Sports for Individuals with Spinal Cord Injury

Original Editor - Naomi O'Reilly

Top Contributors - Naomi O'Reilly  

Introduction

Individuals with a spinal cord injury can get involved in most sports following their injury, with modifcations to the sport and / or with adaptive equipment to allow participation in these sports if needed. Athletes with disabilities are able to compete in sports at elite levels. These levels can be only fractions behind athletes without disabilities.

History of Sport for Spinal Cord Injury

The demand for sport for people with a spinal cord injury traces its roots back to World War II. Large numbers of young veterans with spinal cord injury and amputations returned from the war; the desire to pursue sports undiminished by these veterans' impairments. 

Sir Ludwig Guttmann founded the National Spinal Injuries Unit at the Stoke Mandeville Hospital in Aylesbury, England at the request of the British Government in 1944 to address the needs of the large numbers of civilians and soldiers injured during World War II [1][2][3], accepting the post only on the condition that he was free to implement his own theories on how best to treat patients, with no interference. Treatment for individuals with a spinal cord injury at the time was still rudimentary and Guttmann was dismayed by what he found, with terminal progonosis and palliative treatment the main stay of treatment as a result of complications such as bed sore and urinary tract infections.

Guttman was a strong believer in ‘purposeful, dynamic physical management’ [4], the role that sport could play in the physical and mental rehabilitation of people with a spinal cord injury. So sport was introduced to the programme at Stoke Mandeville Hospital and became a vital element in the treatment of all patients. [1][2] Wheelchair Polo was the first competitive team sport developed at Stoke Mandeville but it was on the 28 July 1948, ‘by chance more than by design’, that the foundation of the first annual sports day, known as the ‘Stoke Mandeville Games’, coincided with the Opening Ceremony of the Olympic Games in London.[1]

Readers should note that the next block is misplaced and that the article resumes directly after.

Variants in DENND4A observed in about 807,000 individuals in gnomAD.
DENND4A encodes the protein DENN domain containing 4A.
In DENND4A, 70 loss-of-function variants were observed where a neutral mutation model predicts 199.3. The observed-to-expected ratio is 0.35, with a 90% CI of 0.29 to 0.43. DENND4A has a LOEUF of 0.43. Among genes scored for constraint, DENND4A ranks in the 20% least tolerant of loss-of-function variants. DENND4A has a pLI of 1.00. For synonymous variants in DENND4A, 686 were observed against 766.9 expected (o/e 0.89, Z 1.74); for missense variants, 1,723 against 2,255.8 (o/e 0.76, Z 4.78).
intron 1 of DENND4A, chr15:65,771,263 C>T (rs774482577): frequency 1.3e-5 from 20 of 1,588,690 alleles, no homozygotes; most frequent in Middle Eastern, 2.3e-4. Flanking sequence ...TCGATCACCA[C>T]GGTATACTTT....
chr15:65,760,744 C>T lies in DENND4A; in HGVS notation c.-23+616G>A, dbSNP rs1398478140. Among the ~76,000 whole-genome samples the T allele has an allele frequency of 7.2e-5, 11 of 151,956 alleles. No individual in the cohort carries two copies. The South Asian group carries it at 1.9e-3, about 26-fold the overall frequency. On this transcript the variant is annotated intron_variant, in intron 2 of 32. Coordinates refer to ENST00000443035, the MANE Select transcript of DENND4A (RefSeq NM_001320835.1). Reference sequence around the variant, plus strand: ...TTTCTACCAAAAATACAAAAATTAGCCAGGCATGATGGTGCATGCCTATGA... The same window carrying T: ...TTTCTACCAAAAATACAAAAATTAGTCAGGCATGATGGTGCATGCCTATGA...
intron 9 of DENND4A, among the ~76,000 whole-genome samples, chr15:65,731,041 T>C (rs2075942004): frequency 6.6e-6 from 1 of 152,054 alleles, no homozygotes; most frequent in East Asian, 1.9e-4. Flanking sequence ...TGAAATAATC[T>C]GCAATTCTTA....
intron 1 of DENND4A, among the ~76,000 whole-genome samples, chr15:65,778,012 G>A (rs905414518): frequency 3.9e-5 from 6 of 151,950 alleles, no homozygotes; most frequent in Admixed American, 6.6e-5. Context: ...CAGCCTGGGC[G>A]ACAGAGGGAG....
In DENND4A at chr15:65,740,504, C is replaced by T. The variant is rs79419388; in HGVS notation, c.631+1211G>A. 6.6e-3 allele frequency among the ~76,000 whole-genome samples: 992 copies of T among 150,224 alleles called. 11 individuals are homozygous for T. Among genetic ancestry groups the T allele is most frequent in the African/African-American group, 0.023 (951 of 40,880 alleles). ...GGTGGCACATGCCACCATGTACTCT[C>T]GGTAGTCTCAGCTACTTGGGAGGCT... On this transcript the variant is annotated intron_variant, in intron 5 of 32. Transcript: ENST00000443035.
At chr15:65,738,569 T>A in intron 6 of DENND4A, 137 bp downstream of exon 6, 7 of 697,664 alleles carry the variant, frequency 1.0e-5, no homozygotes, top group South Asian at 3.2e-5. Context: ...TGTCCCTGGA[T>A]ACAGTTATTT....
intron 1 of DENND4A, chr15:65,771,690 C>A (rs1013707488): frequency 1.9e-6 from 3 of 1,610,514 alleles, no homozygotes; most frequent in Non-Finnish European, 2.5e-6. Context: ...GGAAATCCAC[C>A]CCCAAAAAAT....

Sport should become a driving force for the disabled to seek or restore his contact with the world around him and thus his recognition as an equal and respected citizen” Sir Ludwig Guttman [5]

The role of sport in the medical rehabilitation and treatment of people with a spinal cord injury, continued to grow throughout the late 1940’s and early 1950’s. [3] Many medical and administrative personnel from around the world visited Stoke Mandeville Hospital to observe the work of Guttmann in order to develop and shape procedures back in their home countries. [1] It was partly through this cooperation that the first International Stoke Mandeville Games were established in 1952, when a team of Dutch ex-servicemen from the Aardenburg Rehabilitation Centre in the Netherlands travelled to Stoke Mandeville to compete in the Games. [1] This was the first step towards Guttmann’s vision for a ‘truly international’ Games that would be the equivalent of the Olympic Games for men and women with a spinal cord injury. [1][2] The International Stoke Mandeville Games continued annually in Aylesbury, with increasing numbers of countries and participants each year but was still only catering for athletes with a spinal cord injury. With this increase in international sports competition for people with a spinal cord injury there grew a need for a common and consistent approach to sports rules and regulations. This was discussed at a ‘Meeting of Experts on Sports for the Disabled’ convened by the World Veterans Federation in Paris, 1957 who agreed that ‘international sporting regulations for ‘able-bodied sport be applied as closely as possible’ [1], with standardisation of modifications made through regular communication between technical experts.